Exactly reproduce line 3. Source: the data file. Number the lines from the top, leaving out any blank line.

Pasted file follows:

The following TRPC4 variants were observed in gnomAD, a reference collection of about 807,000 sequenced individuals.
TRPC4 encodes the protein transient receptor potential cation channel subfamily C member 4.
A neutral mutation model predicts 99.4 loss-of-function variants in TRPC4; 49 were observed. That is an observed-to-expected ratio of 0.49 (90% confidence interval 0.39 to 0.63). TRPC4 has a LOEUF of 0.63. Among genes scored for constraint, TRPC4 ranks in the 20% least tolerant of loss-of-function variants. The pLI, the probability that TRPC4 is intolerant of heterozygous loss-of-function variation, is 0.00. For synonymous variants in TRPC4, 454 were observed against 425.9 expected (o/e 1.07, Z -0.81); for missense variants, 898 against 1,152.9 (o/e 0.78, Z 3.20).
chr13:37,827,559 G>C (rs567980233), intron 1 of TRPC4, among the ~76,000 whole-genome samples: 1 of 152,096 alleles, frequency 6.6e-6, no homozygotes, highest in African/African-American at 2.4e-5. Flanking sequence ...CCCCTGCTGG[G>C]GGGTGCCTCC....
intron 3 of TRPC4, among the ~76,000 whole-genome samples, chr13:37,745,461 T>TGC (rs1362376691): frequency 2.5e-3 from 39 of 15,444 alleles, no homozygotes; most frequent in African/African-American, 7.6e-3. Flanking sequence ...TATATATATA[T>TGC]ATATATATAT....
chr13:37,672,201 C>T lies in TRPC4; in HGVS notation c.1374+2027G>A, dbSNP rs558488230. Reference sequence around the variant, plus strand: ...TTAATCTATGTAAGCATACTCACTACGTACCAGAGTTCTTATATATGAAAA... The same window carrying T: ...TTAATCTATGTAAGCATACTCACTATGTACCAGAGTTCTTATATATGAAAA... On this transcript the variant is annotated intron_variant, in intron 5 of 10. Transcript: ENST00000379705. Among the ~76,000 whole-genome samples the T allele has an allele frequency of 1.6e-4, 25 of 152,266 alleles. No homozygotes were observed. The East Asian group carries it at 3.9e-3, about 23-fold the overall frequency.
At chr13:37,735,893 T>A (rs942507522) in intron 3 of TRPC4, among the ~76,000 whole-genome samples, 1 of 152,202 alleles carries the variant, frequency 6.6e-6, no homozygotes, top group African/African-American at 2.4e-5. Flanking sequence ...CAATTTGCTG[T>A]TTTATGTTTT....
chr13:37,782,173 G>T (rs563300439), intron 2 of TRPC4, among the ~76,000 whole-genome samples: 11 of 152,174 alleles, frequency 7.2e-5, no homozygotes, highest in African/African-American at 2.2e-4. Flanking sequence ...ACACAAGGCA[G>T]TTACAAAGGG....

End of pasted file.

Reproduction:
A neutral mutation model predicts 99.4 loss-of-function variants in TRPC4; 49 were observed. That is an observed-to-expected ratio of 0.49 (90% confidence interval 0.39 to 0.63). TRPC4 has a LOEUF of 0.63. Among genes scored for constraint, TRPC4 ranks in the 20% least tolerant of loss-of-function variants. The pLI, the probability that TRPC4 is intolerant of heterozygous loss-of-function variation, is 0.00. For synonymous variants in TRPC4, 454 were observed against 425.9 expected (o/e 1.07, Z -0.81); for missense variants, 898 against 1,152.9 (o/e 0.78, Z 3.20).